Making ceramics

Treating raw materials

Ceramic comes from the Greek word “keramos” which means clay. Along with glass and enamel, it is one of the “kiln work” arts, as the use of fire makes irreversible changes to the material.

Ceramics can be broken down into four main families : pottery, faience, stoneware and porcelain.

Its preparation takes place in four main steps. The preparation of the paste, its moulding or modelling, its decoration and its firing.

The raw material, i.e. the clay, is crushed with water. Since the 20th century, ball mills have been used,  which succeeded stonemills. These machines are used to obtain the desired fineness of the grains. The material obtained is filtered then pressed in filter presses. The clay then undergoes a final operation: de-airing. This removes all the air bubbles that might be inside the clay or paste. Formerly, this was done by foot, hence the name of the “marche à pâte” (paste treading) workshop still seen in some manufactories that made their own paste. The clay comes out of the machine in the form of “boudins” (sausages), which are then cut into small round biscuits known as “camemberts” (cheeses). The clay is then ready to be moulded.


The craftsman uses a potter’s wheel or the casting technique, either by pressing or slipcasting. Until not long ago, the moulds were made of plaster, but they have now gradually been replaced by synthetic materials. Since the second half of the 19th century, the porous nature of plaster has been used to make the finest objects, by slipcasting. The porcelain paste is liquefied and poured into a cast. Through capillary action, the water contained in the paste penetrates the plaster, causing the edges to harden gradually. Once the desired thickness has been obtained, the extra paste, known as the “slip”, is discarded.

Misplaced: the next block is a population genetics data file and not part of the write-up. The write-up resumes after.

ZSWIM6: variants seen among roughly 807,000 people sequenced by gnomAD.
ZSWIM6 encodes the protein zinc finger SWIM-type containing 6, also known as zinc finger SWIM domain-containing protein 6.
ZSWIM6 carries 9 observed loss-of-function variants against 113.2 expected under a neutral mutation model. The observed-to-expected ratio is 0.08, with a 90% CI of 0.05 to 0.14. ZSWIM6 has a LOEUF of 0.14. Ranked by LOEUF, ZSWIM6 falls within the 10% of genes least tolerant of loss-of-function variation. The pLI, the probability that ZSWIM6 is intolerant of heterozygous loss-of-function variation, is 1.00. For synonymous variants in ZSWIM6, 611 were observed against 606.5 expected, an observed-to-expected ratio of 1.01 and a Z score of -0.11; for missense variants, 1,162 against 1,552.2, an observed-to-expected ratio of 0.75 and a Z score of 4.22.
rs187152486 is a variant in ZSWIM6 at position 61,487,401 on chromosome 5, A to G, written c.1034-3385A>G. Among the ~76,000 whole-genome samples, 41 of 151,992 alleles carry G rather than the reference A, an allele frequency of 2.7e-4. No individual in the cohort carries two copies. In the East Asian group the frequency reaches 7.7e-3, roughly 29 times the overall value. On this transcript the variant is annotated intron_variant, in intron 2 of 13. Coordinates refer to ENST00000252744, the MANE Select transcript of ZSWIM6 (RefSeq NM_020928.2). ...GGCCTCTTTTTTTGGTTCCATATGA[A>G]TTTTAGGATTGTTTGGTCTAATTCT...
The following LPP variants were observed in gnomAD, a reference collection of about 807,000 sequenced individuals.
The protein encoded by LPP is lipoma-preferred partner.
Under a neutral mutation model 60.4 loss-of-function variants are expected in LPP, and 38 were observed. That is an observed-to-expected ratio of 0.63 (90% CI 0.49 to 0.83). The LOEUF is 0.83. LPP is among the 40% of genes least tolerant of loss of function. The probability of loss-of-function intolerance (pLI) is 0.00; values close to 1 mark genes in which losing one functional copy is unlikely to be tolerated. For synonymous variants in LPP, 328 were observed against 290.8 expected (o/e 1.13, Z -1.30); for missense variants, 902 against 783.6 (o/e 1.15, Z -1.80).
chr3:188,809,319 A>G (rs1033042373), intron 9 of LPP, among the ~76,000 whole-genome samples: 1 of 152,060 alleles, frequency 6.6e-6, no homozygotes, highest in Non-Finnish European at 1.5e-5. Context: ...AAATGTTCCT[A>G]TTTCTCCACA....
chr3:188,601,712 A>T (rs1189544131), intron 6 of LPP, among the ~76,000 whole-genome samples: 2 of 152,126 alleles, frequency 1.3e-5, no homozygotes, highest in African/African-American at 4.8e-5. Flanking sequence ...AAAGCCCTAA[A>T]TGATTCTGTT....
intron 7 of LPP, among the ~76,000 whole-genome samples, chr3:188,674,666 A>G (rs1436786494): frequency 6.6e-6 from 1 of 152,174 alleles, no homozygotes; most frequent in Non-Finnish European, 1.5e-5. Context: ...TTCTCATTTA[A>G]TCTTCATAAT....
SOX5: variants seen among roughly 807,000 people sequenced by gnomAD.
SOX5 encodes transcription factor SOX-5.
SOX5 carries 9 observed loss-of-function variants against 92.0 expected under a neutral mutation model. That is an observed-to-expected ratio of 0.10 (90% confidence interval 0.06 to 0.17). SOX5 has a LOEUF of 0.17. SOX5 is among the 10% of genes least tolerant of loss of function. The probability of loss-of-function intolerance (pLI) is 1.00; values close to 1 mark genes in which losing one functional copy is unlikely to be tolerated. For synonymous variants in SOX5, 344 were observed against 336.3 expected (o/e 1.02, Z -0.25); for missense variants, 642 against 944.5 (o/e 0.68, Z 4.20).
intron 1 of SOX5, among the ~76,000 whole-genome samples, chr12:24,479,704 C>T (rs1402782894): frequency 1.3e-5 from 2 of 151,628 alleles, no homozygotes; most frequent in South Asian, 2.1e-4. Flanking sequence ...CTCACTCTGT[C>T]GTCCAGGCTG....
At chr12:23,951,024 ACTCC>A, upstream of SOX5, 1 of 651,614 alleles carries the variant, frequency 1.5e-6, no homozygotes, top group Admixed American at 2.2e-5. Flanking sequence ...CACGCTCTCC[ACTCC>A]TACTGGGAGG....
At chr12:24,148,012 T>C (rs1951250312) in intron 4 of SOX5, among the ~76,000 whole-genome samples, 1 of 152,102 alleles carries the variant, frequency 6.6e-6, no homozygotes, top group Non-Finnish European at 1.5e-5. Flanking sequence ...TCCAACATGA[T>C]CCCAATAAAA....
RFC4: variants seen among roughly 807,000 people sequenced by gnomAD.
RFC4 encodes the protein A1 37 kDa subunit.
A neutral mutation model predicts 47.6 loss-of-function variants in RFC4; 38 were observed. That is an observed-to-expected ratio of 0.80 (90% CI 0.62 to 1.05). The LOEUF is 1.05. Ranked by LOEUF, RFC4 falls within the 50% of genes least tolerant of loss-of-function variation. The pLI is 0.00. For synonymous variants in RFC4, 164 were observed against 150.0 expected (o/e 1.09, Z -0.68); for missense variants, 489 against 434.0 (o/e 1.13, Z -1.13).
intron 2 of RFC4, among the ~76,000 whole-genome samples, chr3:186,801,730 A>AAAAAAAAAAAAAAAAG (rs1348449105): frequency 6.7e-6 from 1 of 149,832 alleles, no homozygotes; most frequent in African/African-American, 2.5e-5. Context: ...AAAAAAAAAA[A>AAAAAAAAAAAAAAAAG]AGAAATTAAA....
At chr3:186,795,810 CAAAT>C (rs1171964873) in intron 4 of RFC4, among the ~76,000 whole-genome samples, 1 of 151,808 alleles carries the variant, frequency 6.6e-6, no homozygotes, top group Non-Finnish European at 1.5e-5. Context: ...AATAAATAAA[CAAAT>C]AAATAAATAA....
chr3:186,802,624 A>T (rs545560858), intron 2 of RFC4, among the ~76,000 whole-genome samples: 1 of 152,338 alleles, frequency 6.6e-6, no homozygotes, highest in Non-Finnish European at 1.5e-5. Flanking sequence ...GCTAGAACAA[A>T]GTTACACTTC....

Different colours are obtained with metal oxides : each oxide produces one or more colours after firing. The basic oxides are cobalt, which produces blue ; copper, which can transform into green or turquoise ; iron, which comes out yellow or red, and manganese, which turns brown. Pink or purple are obtained with gold chloride. Until the 18th century, the decoration was applied with a brush.

In the 19th century, as companies moved towards industrialisation, intaglio printing techniques were used, in which a monochrome decoration could be printed using a copperplate. This monochrome decoration was finished off by hand with colour (“illumination”). Chromolithography solved this inconvenience by printing a decoration, using the same number of stones as the number of colours required. This technique, which was well developed by the end of the century, used a palette of 18 colours. Modern decalcomania uses silkscreen printing, which is based on the same principle but uses silkscreens, followed by synthetic materials.

To apply the decoration, two methods are used. The first is called high-fired decoration and the second is called low-fired decoration.


The firing of ceramics is characterised by the fact that it is completely irreversible.

Before being decorated, the objects undergo an initial firing, known as “biscuit” firing, at 900°, the purpose of which is to dry out the moulded object, before it is glazed.

Firing of hard-paste porcelain must be at 1400°. Since the 18th century, kilns have been built that are capable of reaching this temperature. In Sèvres, in 1769, round kilns were built. Initially theses kilns used wood,  but from the 1850s, coal was used. Then in the 1960s, the use of gas-fired kilns became the norm.

Placing the pieces inside the kiln is a delicate operation. To prevent porcelain objects from collapsing, they are placed in refractory clay containers or “saggars”, which can be easily stacked up.

Contemporary gas firing considerably reduces the chances of deformation, marks or breakage.